I’m sure you saw last Thursday’s WSJ piece by Wayne Angelle. Great stuff. Wayne makes the case as he did on Kudlow & Co. last week, that the Fed was too loose in 2003, and then too tight in 2006. This is the classical central bank historical pattern - overshooting. Too loose - inflation. Then too tight - deflation. Then repeat. It happens even when the Fed uses a price rule (as opposed to the disastrous fine-tuning the economy approach) because they almost always do it by looking backward. That’s like trying to drive by looking through the rear-view mirror.
Anyone who watched Kudlow & Co last week already knew the stuff in Wayne’s article, which is an interesting point in and of itself. The Wall Street Journal used to be the intellectual center of Reaganomics, now it’s shifted to weeknights at 5 pm on CNBC. The credit crunch was worked out in real time there last Wednesday. Larry said that the Fed needs to reassert it’s historic role as ‘the lender of last resort’, and Wayne Angelle said that a cut in the discount rate is the right tool to do it. Within 72 hours - viola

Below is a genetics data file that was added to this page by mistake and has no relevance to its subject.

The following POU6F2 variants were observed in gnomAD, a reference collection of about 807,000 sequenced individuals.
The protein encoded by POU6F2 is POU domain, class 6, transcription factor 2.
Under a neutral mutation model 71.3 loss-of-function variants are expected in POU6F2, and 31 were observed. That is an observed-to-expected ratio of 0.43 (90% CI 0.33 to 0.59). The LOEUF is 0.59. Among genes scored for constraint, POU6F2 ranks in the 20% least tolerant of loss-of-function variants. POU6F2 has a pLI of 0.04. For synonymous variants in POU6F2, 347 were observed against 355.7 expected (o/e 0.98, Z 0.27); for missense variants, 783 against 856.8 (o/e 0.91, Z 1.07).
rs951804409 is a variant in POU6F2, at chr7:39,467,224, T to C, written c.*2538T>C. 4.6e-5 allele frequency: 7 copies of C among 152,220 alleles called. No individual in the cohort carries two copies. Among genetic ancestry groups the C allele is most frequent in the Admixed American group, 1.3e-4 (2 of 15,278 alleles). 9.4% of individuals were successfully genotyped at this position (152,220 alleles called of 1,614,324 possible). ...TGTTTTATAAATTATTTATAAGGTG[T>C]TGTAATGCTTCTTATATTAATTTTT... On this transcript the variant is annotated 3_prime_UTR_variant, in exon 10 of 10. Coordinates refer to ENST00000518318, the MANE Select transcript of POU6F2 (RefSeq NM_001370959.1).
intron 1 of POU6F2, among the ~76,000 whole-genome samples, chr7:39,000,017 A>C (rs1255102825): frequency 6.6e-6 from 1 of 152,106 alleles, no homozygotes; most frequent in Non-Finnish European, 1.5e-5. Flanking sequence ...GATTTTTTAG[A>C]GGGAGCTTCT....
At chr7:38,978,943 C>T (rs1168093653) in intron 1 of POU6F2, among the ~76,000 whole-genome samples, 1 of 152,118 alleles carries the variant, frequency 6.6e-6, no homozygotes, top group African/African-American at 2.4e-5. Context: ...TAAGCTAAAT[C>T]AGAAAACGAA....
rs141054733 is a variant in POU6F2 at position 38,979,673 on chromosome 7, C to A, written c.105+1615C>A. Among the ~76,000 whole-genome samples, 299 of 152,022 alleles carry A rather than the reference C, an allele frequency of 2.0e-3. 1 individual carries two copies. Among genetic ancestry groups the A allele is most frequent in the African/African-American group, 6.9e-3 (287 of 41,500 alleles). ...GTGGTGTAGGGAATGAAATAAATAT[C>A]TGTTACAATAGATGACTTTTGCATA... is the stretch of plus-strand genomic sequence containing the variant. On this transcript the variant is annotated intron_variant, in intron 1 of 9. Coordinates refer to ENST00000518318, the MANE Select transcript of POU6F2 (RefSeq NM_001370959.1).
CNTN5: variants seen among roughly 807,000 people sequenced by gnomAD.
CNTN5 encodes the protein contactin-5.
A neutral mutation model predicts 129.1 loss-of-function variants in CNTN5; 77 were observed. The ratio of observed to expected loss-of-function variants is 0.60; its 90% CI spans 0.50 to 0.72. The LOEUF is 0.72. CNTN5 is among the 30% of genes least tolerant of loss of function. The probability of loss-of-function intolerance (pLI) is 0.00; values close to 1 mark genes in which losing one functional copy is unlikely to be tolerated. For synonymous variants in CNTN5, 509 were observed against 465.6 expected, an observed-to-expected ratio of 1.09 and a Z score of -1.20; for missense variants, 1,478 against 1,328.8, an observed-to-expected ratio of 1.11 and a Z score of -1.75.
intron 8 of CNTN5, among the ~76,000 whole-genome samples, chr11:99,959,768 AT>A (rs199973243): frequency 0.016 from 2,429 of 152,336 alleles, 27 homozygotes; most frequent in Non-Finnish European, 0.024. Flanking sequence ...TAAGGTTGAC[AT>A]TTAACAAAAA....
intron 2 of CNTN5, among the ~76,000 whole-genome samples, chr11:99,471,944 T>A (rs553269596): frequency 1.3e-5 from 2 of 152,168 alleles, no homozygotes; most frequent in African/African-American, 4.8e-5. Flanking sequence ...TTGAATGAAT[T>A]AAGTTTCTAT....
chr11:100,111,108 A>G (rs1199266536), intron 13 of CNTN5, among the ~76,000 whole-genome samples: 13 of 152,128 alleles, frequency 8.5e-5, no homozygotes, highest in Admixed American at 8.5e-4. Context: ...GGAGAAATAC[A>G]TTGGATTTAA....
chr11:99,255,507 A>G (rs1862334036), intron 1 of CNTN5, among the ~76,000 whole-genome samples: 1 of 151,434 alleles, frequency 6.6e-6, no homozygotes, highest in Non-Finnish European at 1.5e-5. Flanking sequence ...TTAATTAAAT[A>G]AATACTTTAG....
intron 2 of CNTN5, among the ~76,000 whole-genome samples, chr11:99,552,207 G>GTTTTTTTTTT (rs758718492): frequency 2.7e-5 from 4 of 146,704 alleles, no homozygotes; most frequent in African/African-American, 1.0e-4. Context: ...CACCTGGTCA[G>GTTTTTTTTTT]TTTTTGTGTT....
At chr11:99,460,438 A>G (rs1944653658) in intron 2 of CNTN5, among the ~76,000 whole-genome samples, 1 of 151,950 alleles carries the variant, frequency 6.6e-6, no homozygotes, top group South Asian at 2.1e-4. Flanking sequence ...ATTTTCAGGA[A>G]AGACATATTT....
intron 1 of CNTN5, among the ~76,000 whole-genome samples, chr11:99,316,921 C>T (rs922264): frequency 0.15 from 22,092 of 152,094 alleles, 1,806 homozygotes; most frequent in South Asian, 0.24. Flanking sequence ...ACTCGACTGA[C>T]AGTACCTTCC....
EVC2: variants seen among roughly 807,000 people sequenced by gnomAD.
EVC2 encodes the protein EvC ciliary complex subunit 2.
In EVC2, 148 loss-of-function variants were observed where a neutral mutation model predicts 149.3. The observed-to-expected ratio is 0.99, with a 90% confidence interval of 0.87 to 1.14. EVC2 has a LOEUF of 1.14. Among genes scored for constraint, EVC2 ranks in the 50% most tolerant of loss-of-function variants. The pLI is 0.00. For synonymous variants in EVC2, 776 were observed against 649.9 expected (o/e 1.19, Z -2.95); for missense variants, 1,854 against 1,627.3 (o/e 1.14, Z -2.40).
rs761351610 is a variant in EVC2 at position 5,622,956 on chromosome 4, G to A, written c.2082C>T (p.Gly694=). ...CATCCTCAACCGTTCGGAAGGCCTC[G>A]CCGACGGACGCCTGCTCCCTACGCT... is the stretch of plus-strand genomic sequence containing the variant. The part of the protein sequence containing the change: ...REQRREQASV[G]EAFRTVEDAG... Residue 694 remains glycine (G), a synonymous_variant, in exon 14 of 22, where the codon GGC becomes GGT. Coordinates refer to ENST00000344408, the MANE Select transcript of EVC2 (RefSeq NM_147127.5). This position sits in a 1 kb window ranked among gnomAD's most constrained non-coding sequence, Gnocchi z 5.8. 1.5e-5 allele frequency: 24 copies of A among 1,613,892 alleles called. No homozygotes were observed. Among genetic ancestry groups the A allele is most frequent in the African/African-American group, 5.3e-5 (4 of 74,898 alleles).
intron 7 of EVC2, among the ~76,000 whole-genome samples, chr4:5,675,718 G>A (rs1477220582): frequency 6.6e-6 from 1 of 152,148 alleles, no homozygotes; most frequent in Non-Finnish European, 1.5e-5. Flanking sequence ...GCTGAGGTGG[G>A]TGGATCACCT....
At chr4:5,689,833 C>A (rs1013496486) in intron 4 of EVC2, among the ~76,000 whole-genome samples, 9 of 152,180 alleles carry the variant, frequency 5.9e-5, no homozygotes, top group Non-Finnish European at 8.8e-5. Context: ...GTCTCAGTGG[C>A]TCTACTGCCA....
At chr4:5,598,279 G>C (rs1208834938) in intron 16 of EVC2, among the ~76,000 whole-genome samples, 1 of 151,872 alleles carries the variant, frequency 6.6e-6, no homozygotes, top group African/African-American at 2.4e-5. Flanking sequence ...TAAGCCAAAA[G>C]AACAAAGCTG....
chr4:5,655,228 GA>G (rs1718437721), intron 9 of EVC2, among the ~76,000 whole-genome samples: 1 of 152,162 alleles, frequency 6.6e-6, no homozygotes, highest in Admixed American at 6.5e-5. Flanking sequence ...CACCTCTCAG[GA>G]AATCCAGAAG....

- the rate was dropped and the markets stabilized.
Now we’ll see if the Fed is willing to keep at it and essentially acknowledge what has already happened - a cut in the Fed Funds rate. The Fed has asserted it’s lender of last resort function (with Friday’s discount window action); it’s time for them to reassert their role as a provider of currency to the nation. The disinflationary signs have moved from housing to credit markets, how far do they have to go before the Fed takes its eye off the rear-view mirror and places them on the road ahead?
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